In a conference call with reporters on Tuesday, ESPN college basketball analyst Jay Bilas discussed several topics, including the depth of the upcoming NBA draft, what the Wizards should do with No. 3 pick and the potential of Bradley Beal, Harrison Barnes and Michael Kidd-Gilchrist. No surprise here, but Bilas said the Wizards should take Beal but added that he might not be available when they make their choice. Here are some of the highlights from Bilas:
His assessment of the depth of the draft and who he would pick at No. 3 for the Wizards: I think it’s a draft that’s got really good depth of good players, players that can come in and make a team — some starters, some rotation players, stuff like that deep into the second round. But it’s not a draft of a lot of superstars.
There will be guys that come out of this draft and maybe surprise us. It’s happened in just about every draft, but it doesn’t have a depth of sure fire stars. Anthony Davis is the sure-fire one, I think. But after that there are players with question marks, but a lot of talent in the draft.
What would I do if I were the GM of the Wizards? Having the best scenario I would think for them is having Brad Beal from Florida fall to them. I’m not sure; I’ve got him rated as the second best prospect in the draft behind Davis. And you hear rumors. I have no idea what’s going to happen. But a lot of people like Beal, and it might be an upset to have Beal fall down to three. But you never know.
I don’t know what Charlotte’s going to do with the two pick, whether they keep it or try to trade down and get some additional assets, because they need everything. You have to be prepared for just about every scenario, I would guess.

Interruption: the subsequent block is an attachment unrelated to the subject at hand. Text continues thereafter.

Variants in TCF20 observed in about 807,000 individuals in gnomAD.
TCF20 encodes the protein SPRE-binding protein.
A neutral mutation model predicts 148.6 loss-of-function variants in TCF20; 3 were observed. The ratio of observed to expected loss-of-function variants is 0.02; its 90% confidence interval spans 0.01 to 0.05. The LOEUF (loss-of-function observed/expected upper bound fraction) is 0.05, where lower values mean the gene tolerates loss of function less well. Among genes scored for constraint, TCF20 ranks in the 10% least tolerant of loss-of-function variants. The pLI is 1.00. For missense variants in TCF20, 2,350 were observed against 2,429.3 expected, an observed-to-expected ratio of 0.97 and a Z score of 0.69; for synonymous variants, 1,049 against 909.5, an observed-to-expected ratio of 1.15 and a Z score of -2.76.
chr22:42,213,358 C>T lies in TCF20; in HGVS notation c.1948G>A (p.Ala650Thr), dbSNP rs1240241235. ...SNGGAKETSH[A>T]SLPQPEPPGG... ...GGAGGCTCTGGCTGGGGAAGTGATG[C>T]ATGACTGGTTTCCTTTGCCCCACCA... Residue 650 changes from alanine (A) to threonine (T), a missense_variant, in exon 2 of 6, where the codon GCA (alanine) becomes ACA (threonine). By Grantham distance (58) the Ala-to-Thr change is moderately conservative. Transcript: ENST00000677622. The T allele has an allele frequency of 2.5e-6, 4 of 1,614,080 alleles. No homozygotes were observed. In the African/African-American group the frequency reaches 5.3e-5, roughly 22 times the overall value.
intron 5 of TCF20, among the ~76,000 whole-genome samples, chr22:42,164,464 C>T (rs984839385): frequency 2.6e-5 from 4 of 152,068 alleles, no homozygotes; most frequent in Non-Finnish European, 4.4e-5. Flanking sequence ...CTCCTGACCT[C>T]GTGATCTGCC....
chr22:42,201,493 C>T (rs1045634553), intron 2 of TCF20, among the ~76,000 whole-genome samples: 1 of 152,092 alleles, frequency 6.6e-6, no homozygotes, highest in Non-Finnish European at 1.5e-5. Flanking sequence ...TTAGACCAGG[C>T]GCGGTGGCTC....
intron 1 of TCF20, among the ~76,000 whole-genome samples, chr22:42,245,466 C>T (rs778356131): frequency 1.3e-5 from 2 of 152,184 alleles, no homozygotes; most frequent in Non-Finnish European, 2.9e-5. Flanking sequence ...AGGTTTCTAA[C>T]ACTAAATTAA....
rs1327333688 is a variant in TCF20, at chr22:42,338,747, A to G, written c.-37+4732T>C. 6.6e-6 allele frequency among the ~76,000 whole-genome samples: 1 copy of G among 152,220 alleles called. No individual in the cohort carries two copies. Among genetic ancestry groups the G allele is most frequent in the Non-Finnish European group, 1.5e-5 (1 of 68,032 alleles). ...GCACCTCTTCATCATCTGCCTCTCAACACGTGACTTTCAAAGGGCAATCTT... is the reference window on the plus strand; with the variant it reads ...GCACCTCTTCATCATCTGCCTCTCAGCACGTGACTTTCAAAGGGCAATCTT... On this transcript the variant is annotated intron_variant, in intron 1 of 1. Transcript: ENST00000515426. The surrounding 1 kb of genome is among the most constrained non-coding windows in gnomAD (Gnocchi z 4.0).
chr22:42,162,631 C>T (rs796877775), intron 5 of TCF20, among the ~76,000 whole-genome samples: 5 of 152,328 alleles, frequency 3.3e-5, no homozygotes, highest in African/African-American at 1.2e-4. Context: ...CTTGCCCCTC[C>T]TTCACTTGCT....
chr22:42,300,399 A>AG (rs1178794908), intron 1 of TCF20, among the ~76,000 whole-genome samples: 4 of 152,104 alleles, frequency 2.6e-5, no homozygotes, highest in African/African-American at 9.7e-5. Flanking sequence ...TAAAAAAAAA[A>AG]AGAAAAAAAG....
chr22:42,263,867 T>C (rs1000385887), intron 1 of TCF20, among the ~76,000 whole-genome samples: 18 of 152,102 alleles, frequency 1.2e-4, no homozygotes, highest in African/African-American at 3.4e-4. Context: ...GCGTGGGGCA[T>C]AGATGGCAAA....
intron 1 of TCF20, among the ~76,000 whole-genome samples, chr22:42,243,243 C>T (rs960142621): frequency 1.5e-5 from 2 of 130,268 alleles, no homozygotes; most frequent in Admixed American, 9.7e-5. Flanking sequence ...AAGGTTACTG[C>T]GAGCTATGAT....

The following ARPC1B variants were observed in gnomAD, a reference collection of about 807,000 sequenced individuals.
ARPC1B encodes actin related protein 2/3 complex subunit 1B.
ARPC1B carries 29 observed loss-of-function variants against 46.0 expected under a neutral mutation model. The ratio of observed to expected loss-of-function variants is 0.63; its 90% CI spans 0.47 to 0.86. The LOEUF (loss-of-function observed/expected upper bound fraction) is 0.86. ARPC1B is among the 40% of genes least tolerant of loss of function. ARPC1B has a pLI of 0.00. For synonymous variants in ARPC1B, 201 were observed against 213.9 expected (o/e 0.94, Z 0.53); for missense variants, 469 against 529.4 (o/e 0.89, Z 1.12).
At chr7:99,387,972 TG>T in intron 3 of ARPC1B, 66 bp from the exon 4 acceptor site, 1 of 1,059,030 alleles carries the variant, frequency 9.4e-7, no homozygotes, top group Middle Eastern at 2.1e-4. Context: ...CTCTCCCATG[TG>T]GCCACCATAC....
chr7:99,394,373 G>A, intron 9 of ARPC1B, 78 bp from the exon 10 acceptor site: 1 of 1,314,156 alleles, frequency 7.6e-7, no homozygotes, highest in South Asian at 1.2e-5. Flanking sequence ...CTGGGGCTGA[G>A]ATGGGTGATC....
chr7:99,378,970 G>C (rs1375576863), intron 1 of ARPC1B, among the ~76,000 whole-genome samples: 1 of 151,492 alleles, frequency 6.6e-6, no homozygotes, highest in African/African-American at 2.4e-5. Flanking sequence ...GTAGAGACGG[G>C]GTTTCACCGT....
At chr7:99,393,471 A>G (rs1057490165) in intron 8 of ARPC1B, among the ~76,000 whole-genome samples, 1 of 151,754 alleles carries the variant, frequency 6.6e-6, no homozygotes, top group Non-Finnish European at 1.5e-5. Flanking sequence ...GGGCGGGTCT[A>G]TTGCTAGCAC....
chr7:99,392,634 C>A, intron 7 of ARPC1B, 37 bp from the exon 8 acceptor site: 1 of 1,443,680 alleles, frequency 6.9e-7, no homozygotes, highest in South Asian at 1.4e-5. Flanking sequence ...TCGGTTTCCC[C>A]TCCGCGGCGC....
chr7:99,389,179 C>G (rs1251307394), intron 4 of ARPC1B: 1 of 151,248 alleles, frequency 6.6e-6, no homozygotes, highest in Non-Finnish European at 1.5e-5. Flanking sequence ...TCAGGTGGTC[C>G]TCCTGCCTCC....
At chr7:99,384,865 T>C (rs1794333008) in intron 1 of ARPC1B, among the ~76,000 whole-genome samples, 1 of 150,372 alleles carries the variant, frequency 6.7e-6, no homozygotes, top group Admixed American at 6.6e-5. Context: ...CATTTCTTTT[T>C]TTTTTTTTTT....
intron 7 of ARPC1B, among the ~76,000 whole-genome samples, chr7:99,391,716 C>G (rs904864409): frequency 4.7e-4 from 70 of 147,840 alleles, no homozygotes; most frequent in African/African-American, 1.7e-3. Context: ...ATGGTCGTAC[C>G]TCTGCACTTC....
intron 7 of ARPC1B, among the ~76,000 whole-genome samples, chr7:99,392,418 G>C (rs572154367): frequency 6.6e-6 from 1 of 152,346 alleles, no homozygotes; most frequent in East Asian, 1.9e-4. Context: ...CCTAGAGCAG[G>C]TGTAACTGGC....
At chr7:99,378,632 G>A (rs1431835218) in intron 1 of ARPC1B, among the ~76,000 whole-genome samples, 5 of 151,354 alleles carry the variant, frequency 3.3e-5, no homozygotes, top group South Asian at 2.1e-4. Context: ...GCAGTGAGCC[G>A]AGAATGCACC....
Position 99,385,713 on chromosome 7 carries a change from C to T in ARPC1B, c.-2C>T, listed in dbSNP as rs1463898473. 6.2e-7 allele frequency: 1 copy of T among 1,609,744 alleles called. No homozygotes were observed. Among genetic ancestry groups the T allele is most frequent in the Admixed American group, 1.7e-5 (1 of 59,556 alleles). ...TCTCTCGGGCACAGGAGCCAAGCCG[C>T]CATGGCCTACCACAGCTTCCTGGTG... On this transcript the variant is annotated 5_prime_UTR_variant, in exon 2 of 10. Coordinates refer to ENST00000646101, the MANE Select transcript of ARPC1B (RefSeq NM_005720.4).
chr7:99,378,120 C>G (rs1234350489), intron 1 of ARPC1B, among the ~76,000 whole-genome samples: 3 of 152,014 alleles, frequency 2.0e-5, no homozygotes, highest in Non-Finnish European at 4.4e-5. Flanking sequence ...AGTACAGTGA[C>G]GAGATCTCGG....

Comparing Harrison Barnes and Michael Kidd-Gilchrist: They’d both be good. You’re right. They’re very different players. Barnes has probably suffered from the fact that he was so highly rated in high school. When I saw him in high school, I thought he’s a guy that always makes the right play. I thought he was a tremendous athlete and in his first two years of college, I started to question was he as good an athlete as I thought?
He went to the combine, the NBA combine and tested athletically literally, off the charts. He had a 38-inch standing vertical leap, which you don’t see that. That’s phenomenal. His agility drills and speed were fabulous, especially for a guy his size. So he’s got the complete package.
What that told me is that he is a little bit of a thinker on the court right now. He’s very process oriented. I believe this. I’ve watched him play a lot. I really think that he’s going to be a better pro than a college player. Now you say that. You could be wrong. But I see more for him as a pro.
But he was an outstanding college player. Averaged 17 a game for two straight years. He’s a really good jump shooter, athletic. He’s got defensive versatility, he’s long. He’s got a terrific skill set, so he’d be a terrific pick.
The only reason you would take him over Gilchrist is because of his scoring ability. But Gilchrist — they don’t make them like him very often. He’s got a relentless attitude and work ethic that you just don’t see that often. He’s great in transition. Gets to the rim, gets to the free throw line, he’s an elite defender because he can guard multiple spots. You can put him on a point guard or put him on a four-man. He just isn’t a scorer.
He’s going to get his points off of energy, and he can make a shot, but he’s not a terrific shooter. But he’s only 19 years old. So he’s got some growing to do. He’s got to fix that shot. His shot mechanics are not very good. If it’s not fixed, he has to be able to shoot it the same way over and over again, and with the way he’s never square to the basket. His arm flies, his right arm flies out on his elbow, he needs to fix that. He has plenty of time to work on it. He’s capable of doing it.
On what Michael Kidd-Gilchrist will bring to the next level: He can guard anybody. Six-seven with really long arms and tremendous athleticism, you can put him on a point guard out front, or you can put him on a big three or a small four-man, a base up four. He can really impact the game defensively. He’s really energetic. I guess that’s what you’d call him is an energy player that he thrives off of the energy that he brings into a game.
He’s excellent in transition, a good rebounder, gets shots, gets loose balls. He’s going to make you better. The one thing he doesn’t do is he’s not a prolific scorer. He averaged 14 a game last year. He can make an open shot. I wouldn’t classify him as a good shooter, but it’s not like you have to repaint the rims after a game he plays in. He makes free throws and all of that.